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Exercise and COPD
A direct relationship between physical inactivity and mortality following COPD-related hospitalisation was demonstrated by the authors of this retrospective cohort study (ERJ Open Research 2016;2. doi:101183/23120541.00062-2015). Inactive patients had an almost fourfold higher adjusted risk of mortality from COPD-related causes than active patients. Different levels of activity were shown to have an impact on mortality, with patients with COPD who engaged in some activity (defined as 1–149 min/week) and those that engaged in moderate to vigorous exercise (>150 min/week) having a 28% and 47% reduction in the risk of death, respectively, in the 12 months after hospital admission, compared with inactive patients.
Antacids in pulmonary fibrosis
Gastro-oesophageal reflux is highly prevalent in patients with idiopathic pulmonary fibrosis and speculated to have a potential role in pathogenesis and progression. In this study (Lancet Resp Med 2016. pii: S2213-2600(16)00067-9), the authors undertook a pooled post hoc analysis of data from the placebo group of three pirfenidone trials to investigate the effect of antacid treatment on disease progression. No significant difference in disease progression or mortality was seen at 1 year between patients receiving antacids and those without antacids. Overall infections (74% vs 63%, p=0.017) and pulmonary infections (14% vs 6%, p=0.0214) were noted to be higher in patients receiving antacids with advanced disease (FVC <70%). The exact role of antacids in pulmonary fibrosis remains unclear.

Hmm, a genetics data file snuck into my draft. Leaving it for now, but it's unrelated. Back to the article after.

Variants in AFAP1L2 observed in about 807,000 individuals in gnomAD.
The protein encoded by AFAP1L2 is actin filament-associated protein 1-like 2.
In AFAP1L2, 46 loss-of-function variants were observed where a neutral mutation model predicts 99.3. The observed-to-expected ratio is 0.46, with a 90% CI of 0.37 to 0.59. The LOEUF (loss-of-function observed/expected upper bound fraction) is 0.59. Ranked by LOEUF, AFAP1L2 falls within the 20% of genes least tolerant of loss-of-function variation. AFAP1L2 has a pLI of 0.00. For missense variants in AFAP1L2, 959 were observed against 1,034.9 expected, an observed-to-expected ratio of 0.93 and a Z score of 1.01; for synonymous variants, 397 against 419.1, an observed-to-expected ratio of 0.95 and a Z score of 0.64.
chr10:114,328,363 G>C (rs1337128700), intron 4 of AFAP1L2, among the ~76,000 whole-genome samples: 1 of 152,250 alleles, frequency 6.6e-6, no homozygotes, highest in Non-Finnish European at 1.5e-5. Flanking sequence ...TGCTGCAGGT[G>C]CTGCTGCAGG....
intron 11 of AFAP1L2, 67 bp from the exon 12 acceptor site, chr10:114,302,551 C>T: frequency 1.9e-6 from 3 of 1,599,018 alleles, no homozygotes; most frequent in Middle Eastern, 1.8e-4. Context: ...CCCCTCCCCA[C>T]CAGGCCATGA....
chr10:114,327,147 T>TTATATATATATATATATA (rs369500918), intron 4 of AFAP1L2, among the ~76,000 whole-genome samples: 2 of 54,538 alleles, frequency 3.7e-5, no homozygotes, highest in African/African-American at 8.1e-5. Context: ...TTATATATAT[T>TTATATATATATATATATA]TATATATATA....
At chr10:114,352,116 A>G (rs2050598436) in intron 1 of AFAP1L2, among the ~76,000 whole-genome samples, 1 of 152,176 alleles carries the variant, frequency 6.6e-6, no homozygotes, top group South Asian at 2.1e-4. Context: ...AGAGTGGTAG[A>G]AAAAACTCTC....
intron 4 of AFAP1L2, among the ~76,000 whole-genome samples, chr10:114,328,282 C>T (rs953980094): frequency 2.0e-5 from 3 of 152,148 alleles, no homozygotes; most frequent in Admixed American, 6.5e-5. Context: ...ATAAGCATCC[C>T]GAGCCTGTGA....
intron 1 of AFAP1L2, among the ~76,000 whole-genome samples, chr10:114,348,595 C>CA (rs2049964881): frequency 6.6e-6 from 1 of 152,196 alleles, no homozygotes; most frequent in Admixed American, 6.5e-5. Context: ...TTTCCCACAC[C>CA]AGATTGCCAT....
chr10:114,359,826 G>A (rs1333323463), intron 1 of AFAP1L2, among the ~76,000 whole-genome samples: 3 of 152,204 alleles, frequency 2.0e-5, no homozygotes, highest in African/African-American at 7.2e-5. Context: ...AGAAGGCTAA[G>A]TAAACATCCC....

Left atrium size in pulmonary embolism (PE)
PE is a common and potentially fatal disease. A retrospective study (Chest 2016;149:667–75. doi:10.1378/chest.15-0666) of patients with acute PE proposed that a reduced left atrium (LA) size, as measured by volumetric analyses on a computed tomographic pulmonary angiogram at the time of diagnosis, is associated with higher mortality and was found to be the best predictor of adverse outcomes. Mortality was higher among patients with LA volume <62 mL than among those with LA volume >62 mL (19.6% vs 8.8%, p<0.001). Other parameters noted to be associated with adverse outcomes included a left ventricular volume ≤67 mL and a right atrium/LA volume ratio >1.2.
Urine antigen testing for TB
Reported by the authors to be the ‘first trial of any diagnostic test for TB to show a reduction in the number of deaths’, bedside urine testing of lipoarabinomannan (LAM), a TB glycoprotein, was shown to be associated with better survival at 8 weeks in HIV patients with TB than routine testing (Lancet 2016. doi:http://dx.doi.org/10.1016/S0140-6736(15)01092-2). All-cause mortality in the LAM group was 21% vs 25% in the routine group at 8 weeks, with a relative risk reduction of 17%. The proportion of patients who started anti-TB medication by day 2 was greater in the LAM cohort (71% vs 22% of the routine testing cohort). The survival advantage of using LAM urine testing in patients with HIV co-infected with TB may be through earlier diagnosis and treatment.